As with many experiential learning opportunities, students often share insightful information with me after the experience is long over. One pre-health student mentioned that this class fundamentally changed her view of how relationships can impact a community. Although she was hesitant to join the class because she does not consider herself a creative person, she was ultimately glad she took on the project. The lessons she learned about how the Relational Leadership Model creates positive networks between organizations will help her in her future career path implementing community health and wellness programs. During their final reflections on the class, students not only enjoyed the class content, they clearly saw the importance of how relationships lead to leadership effectiveness.

Feedback regarding this project was very positive both from students and community members. It was very gratifying to see the amazing work that students accomplished in this highly structured mini-semester class. The success of this class has also given Austin College the opportunity to partner with other community organizations to create more experiential learning projects that benefit the community.

Overall, using an arts and culture focused experiential learning class, even during a mini-semester, can be an appropriate pedagogical approach to engage students with the Relational Leadership Model. Creative placemaking is an area that students were not familiar with before they came to the class, so learning about leadership from this perspective was new and exciting for many of them. Using local arts and culture as a tool for teaching leadership stresses the importance of developing leaders who are prepared to create productive relationships that lead to positive, lasting change in communities.

Practical Considerations

For leadership educators who may want to implement this style of program in their mini-semester courses, I offer the following practical tips that mostly focus on setting up the logistics of the class:

  1. Meet with students several weeks ahead of time to distribute any reading material and ensure that they have everything read by the first day of class. Also, be sure to explain the level of research and engagement that is necessary in order to make the project successful so that students are fully aware of the work requirements.
  2. Schedule interview appointments with arts and culture contacts for the mini-semester time frame and have students confirm the interviews. They can conduct the interviews in teams so that they get as many interviews completed as possible in a short amount of time.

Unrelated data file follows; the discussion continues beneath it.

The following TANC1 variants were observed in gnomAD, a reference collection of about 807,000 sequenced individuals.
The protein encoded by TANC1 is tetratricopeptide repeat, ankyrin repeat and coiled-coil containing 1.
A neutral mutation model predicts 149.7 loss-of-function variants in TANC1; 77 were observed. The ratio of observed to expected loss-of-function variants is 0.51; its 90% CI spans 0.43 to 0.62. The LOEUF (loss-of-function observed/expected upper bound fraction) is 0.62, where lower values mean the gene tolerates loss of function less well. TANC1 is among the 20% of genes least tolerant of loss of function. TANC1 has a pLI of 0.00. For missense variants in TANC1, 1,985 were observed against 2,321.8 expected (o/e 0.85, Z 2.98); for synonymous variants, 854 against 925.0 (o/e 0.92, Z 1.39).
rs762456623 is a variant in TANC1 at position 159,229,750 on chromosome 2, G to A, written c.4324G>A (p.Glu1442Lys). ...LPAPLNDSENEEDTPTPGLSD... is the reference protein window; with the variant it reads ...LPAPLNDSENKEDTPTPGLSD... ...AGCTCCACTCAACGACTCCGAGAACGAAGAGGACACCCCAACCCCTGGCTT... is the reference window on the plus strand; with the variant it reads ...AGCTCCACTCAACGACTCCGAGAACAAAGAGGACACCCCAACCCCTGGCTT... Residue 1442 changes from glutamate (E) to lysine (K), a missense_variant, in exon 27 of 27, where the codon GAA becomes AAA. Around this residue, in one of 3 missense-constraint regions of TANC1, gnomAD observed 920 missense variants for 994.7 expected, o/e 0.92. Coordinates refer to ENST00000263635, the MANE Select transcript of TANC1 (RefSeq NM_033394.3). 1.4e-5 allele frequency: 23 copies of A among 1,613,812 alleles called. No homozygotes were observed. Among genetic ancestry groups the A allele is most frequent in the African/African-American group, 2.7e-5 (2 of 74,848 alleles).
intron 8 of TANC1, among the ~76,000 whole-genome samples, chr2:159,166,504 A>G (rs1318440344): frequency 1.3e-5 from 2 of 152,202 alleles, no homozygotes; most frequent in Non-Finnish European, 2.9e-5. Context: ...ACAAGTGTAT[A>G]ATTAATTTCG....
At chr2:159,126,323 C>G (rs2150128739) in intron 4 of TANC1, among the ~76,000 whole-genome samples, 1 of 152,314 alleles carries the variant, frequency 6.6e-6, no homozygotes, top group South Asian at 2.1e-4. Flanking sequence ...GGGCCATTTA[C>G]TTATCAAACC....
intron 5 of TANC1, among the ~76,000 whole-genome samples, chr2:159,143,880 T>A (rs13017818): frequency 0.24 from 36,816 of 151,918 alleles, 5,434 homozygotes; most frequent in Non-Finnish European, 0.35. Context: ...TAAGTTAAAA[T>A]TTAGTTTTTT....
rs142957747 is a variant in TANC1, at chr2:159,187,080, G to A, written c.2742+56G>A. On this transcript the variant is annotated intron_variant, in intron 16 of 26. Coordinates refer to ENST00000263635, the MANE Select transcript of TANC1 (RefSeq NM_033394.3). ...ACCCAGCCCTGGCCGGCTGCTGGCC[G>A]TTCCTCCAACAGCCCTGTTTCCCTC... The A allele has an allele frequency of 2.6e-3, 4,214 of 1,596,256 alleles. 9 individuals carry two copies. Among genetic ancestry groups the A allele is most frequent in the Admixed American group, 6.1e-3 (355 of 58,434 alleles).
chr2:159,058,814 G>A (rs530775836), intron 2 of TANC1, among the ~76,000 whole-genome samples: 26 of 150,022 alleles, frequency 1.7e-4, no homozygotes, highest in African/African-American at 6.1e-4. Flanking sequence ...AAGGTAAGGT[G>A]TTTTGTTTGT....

3. Secure funding to meet with additional arts and culture contacts. For this class, the City of Sherman paid for students to take day trips to meet with arts commission contacts from Dallas and Ft. Worth, as well as an overnight trip to Austin to meet with the deputy director of the Texas Commission on the Arts. These trips easily became the highlight of the class.
  4. Think about requiring a final presentation to an outside audience. Having the students present at an open City Council meeting gave the project a heightened sense of importance. Additionally, students had the opportunity to improve their oral communication skills, a key component in leadership training.

A very special thanks to Cary Wacker, Director of the Center for Community and Regional Development at Austin College, for her amazing work and support of this class.

Works Cited

Markusen, A., & Gadwa, A. (2010). Creative Placemaking. Retrieved from https://www.arts.gov/sites/default/files/CreativePlacemaking-Paper.pdf

About PAUSE for Pedagogy

PAUSE for Pedagogy aims to connect leadership education theory to practice and seeks to take lessons learned in the classroom to expand our theoretical knowledge of teaching and learning. Written for both the experienced educator and those new to the profession, this column will add tools to readers’ pedagogical toolboxes. Most columns are accompanied by a video interview with the author exploring the ideas raised in the article in more detail. The series is edited by Lisa Endersby and Dan Jenkins, members of ILA’s Leadership Education Member Interest Group. Have you implemented an innovative practice in your leadership education? Contact Dan and Lisa at pauseforpedagogy@ila-net.com

Dan Jenkins Photo Dan Jenkins is Chair and Associate Professor of Leadership & Organizational Studies at the University of Southern Maine. He received his doctorate in Curriculum & Instruction (Higher Education Administration) from the University of South Florida. Dan has published more than 30 articles on leadership education and assessment and is an associate editor for the Journal of Leadership Studies. Dan is also a past Chair of the ILA Leadership Education MIG, Co-Chair of the ILA Leadership Education Academy, and enjoys numerous volunteer roles with the Association of Leadership Educators. Follow Dan @Dr_Leadership.

Lisa Endersby Photo Lisa Endersby is a speaker, educator, and storyteller exploring the intersecting realms of technology, leadership, and assessment in higher education. She has recently begun her doctoral work, investigating professional development in online communities of practice. Lisa is also National Chair for the NASPA Technology Knowledge Community (TKC). Lisa enjoys numerous volunteer roles with ACPA and ILA and can be reached at lmendersby@gmail.com.

Article Not Displaying Above?

Please log in using your ILA member credentials. If you are not currently a member or you need to renew, please visit www.ila-net.org/Join to select your membership level. Need additional assistance? Contact our membership team at membership@ila-net.org or 1.202.470.4818.